There’s been very little useful research into how stalking affects people, but it can cause depression, anxiety and post-traumatic stress disorder. The smaller but persistent personal changes in the victim are also harmful. You become much more cautious, suspicious, and aggressive; you change your routines, double-check your home alarms and change your phone numbers.  

We don’t begin by wanting our stalker to be jailed; we just want their harassment and pestering to stop. If it’s allowed to continue for more than a couple of weeks, it tends to become chronic and forms part of the stalker’s daily routine.

One should never form a real relationship with the stalker. You may once tell them directly and calmly that you don’t want and will not accept any form of relationship with them. Getting into prolonged discussions or negotiations only makes things worse.


Shrinks are often targets of stalkers. Maclean & colleagues in 2013 surveyed nearly a quarter of British psychiatrists, and nearly 11 per cent said they had been stalked. Some coped better than others, and most of them said they found it difficult to get suitable support.

Read: Need a shrink?

McIvor and colleagues questioned just over 300 psychiatrists in a large mental health organization, and 41%, mainly consultants, reported being stalked by patients.  Most stalkers were men, with personality disorder or major mental illness.

A German study by Krammer & others of psychiatrists and psychologists in Graz, found that nearly 40% had experienced stalking, especially from female patients, making non-violent threats. The patients mainly suffered from schizophrenia, delusional disorders, or personality disorder, and around 40% of the shrinks developed mild symptoms of PTSD.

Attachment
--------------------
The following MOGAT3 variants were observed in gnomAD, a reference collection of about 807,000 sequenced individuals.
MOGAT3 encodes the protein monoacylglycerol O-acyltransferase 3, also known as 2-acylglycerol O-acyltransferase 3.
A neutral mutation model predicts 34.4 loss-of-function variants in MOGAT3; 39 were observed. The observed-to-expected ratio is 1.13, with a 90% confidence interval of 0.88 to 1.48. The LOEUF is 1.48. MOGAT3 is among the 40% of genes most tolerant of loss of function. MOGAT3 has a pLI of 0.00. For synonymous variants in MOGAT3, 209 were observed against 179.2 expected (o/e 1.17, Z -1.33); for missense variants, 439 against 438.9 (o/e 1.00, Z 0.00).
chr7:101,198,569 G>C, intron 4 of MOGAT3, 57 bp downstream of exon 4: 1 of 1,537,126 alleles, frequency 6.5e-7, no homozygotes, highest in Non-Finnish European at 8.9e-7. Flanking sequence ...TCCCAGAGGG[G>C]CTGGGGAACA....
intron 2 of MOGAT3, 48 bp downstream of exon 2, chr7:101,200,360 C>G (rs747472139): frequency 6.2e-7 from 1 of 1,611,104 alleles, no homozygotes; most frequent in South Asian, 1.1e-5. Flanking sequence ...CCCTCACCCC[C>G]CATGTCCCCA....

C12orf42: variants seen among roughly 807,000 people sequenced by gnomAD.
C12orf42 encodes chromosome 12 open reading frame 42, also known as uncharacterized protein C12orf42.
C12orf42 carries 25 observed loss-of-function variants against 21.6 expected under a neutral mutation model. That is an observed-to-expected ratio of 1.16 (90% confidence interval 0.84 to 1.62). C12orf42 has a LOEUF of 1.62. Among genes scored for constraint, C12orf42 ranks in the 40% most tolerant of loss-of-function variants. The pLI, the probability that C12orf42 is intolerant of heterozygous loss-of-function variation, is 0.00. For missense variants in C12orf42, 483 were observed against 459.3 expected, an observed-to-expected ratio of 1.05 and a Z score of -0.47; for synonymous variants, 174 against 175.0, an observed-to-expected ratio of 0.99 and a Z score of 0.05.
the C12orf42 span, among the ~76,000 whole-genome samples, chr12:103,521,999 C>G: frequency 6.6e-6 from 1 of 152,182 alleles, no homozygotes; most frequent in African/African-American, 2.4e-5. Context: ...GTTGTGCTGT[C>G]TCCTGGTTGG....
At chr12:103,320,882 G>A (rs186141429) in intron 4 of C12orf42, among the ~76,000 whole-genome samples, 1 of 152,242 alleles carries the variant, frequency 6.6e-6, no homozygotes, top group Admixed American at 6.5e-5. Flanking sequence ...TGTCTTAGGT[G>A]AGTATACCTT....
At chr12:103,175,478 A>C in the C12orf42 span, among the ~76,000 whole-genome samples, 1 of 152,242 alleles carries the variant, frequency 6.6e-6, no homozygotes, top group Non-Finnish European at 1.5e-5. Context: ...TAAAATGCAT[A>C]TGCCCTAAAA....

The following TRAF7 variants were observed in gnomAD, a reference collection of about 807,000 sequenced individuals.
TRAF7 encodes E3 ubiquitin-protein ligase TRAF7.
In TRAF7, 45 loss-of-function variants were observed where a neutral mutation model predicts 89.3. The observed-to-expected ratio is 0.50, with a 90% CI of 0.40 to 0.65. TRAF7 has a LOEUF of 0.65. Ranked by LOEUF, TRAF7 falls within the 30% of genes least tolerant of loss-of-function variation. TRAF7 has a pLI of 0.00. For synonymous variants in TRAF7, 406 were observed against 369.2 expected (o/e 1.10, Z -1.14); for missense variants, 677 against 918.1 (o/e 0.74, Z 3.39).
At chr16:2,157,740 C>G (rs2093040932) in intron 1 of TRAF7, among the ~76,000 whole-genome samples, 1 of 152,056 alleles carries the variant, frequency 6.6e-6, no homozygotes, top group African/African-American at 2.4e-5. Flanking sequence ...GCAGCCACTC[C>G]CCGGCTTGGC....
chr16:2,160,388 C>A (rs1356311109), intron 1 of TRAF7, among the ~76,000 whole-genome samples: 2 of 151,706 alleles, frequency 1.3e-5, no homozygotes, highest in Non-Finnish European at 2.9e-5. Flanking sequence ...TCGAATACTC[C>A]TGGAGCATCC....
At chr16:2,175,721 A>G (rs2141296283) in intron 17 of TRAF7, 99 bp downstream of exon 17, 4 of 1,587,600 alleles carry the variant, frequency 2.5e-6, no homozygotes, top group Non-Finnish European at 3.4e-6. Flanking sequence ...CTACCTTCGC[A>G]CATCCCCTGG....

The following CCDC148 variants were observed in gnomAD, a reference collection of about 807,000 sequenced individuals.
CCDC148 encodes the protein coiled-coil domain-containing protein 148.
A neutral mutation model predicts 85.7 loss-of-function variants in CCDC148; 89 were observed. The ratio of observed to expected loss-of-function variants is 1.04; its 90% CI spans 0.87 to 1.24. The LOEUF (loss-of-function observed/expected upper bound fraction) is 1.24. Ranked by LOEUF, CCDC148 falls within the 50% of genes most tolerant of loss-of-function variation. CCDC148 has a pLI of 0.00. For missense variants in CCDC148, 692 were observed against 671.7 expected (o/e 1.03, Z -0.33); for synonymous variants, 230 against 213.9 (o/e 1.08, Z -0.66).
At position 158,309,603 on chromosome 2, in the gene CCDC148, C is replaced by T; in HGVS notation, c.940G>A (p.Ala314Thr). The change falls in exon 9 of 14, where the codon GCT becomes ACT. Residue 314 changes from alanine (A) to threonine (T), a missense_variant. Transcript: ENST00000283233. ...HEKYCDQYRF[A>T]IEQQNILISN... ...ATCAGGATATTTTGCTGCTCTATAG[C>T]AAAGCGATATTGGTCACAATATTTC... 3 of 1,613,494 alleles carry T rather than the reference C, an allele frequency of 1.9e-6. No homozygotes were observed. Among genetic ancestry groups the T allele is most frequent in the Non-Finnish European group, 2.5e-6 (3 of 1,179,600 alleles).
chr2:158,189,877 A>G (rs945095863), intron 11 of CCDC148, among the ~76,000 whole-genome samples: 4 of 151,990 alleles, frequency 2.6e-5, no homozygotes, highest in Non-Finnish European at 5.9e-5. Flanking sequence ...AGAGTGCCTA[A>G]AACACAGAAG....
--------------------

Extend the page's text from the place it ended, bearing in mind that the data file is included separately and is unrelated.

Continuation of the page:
Have you ever been stalked? Share your experiences with us.

Read more:

Relationship over?

When somebody’s watching you . . .

Ask your psychiatrist


- Psychiatrists' experiences of being stalked: a qualitative analysis. L Maclean, D Reiss, S Whyte etc.

J Am Acad Psychiatry Law. 2013; 41(2):193-9.

- Stalking behaviour by patients towards psychiatrists in a large mental health organisation. RJ McIvor, L Potter, L Davies. Int J Soc Psychiatry. 2008 Jul; 54(4): 350-7.

- The effects of stalking on psychiatrists, psychotherapists and psychologists. Prevalence of stalking and its emotional impact]. In German. A Krammer, A Stepan, A Baranyi, etc. Nervenarzt. 2007 Jul; 78(7): 809-17.

- Research on stalking: what do we know and where do we go? KE Davis, IH Frieze. Violence Vict. 2000 Winter; 15(4): 473-87.

Image: Stalker from Shutterstock

Professor MA Simpson is Health24's CyberShrink. A South African psychiatrist, he qualified in medicine and in psychiatry in Britain. He has been a senior academic, researcher, and Professor in several countries. Read more of his columns.